The lively Evelyn Keyes, who first made a name for herself playing Scarlett O’Hara’s younger sister in Gone with the Wind (1939), had been a member of the Committee for the First Amendment, the group of Hollywood lefts and liberals that protested against the “red scare” hearings held by the House Un-American Activities Committee in 1947, along with her husband of the time, John Huston. Other husbands included director Charles Vidor (Gilda, 1946) and bandleader Artie Shaw. Keyes featured prominently in The Face Behind the Mask (Robert Florey, 1941) and Johnny O’Clock (Robert Rossen, 1947), and even more notably in Joseph Losey’s The Prowler (1951) and Phil Karlson’s 99 River Street (1953).

The skilled performers in The Killer That Stalked New York also include Albright, generally an underestimated presence, best remembered for her role on the Peter Gunn television series; Dorothy Malone, still limited to secondary roles in 1950, here a nurse to Dr. Wood; Jim Backus, who appeared in innumerable plays, films, radio programs and voiced cartoons; and with more than 900 films and television series between them, indispensable “character actors” Whit Bissell, Roy Roberts, Barry Kelley, Carl Benton Reid and Connie Gilchrist.

The gifted cinematographer Joseph Biroc, a New York native, eventually associated in particular with directors Robert Aldrich and Samuel Fuller, elegantly captured the city at its most menacing in The Killer That Stalked New York’s nighttime sequences, as well as something of its complex vibrancy in the daytime street scenes. Biroc began his career as a cameraman in the US Army. In 1945, he filmed the horrors of the Dachau concentration camp in Germany while serving as captain of the sixth detachment alongside director George Stevens’s Special Motion Picture Coverage Unit.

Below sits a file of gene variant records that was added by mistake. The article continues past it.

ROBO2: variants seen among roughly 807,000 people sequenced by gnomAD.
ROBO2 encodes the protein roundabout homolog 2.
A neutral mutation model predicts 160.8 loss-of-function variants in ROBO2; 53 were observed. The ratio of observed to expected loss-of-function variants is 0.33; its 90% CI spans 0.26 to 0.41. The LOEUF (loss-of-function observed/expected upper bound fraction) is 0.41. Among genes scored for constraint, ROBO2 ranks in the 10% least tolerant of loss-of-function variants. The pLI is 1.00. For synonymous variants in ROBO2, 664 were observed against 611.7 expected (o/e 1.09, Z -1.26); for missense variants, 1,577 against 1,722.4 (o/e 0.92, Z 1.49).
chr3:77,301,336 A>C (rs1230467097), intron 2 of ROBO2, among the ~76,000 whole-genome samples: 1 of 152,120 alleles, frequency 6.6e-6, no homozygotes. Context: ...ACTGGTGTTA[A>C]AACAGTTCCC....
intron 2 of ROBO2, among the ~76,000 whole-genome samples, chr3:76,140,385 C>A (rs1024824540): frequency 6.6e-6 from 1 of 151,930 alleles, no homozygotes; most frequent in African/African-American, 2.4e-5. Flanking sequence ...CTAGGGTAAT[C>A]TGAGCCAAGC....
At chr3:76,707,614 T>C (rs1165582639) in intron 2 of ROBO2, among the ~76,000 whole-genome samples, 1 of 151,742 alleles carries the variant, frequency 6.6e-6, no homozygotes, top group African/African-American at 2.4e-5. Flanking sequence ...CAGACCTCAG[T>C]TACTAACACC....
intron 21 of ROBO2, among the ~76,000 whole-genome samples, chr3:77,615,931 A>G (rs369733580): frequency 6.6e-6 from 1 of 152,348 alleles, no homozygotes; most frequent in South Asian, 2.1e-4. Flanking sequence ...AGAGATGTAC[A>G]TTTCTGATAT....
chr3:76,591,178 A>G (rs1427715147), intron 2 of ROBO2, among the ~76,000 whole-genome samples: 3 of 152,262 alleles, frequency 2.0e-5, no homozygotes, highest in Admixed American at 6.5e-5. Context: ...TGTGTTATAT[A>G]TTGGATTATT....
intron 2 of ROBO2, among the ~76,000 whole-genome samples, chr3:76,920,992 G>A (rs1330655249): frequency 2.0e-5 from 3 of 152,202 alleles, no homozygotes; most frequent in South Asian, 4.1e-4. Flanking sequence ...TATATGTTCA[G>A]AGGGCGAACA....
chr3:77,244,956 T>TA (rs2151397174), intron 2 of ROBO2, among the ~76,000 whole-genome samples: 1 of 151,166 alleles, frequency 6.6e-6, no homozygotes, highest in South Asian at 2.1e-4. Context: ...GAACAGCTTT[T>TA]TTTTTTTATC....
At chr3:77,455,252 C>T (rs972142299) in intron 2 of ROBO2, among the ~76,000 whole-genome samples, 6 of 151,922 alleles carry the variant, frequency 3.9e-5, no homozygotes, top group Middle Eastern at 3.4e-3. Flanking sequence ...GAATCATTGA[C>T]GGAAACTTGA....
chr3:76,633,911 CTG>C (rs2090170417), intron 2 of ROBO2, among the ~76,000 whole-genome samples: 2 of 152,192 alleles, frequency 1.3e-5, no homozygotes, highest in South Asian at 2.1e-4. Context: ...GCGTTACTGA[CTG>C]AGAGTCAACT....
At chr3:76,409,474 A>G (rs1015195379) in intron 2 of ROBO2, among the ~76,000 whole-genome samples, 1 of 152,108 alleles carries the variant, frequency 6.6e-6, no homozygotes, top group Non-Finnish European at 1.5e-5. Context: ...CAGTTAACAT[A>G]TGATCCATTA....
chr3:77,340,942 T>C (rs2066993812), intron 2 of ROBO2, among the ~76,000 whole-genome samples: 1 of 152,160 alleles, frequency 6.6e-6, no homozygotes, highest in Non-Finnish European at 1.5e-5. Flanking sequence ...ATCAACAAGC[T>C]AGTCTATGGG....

In this regard, even the narrator deserves a note. The mellifluous-voiced Reed Hadley, longtime film, television and radio actor, also provided the commentary in 1945 for The Nazi Plan, a documentary compiled from captured Hitlerite propaganda and newsreel image and sound recordings that was used as evidence at the Nuremberg Trials.

Lola Albright and Evelyn Keyes

The film’s score was composed by Hans J. Salter. A biography explains, “Born in Vienna, Austria on January 14, 1896, [Salter] gained his education from the Vienna Academy Of Music, and studied composition with Alban Berg, Franz Schreker, and others. He was Music Director of the State Opera in Berlin before being hired to compose music at UFA studios. Salter emigrated to America in 1937 and was quickly put under contract at Universal, where he worked for nearly 30 years, arranging, composing, conducting, and serving as musical director.”

In other words, there were reasons why many American films of the period had artistic, moral and intellectual weight.

The response of the mayor (Roberts) in The Killer That Stalked New York, based on O’Dwyer, who by the time of the film’s release in December 1950 had resigned in a corruption scandal, no doubt has an exaggerated or myth-making quality. But apparently also has some basis in fact.

The health commissioner (Reid) and his aides visit the mayor on a Sunday. Informed of the crisis, he jumps into action. The dialogue goes like this:

–All right, you have eight million arms to vaccinate. What do you need?

–An extra thousand doctors.

–You’ve got them. What else?

–Facilities for vaccinations.

–[To other officials] You’re donating your police stations for clinics. The same for the fire houses in all the boroughs. I take it the Commissioner of Hospitals has something to offer.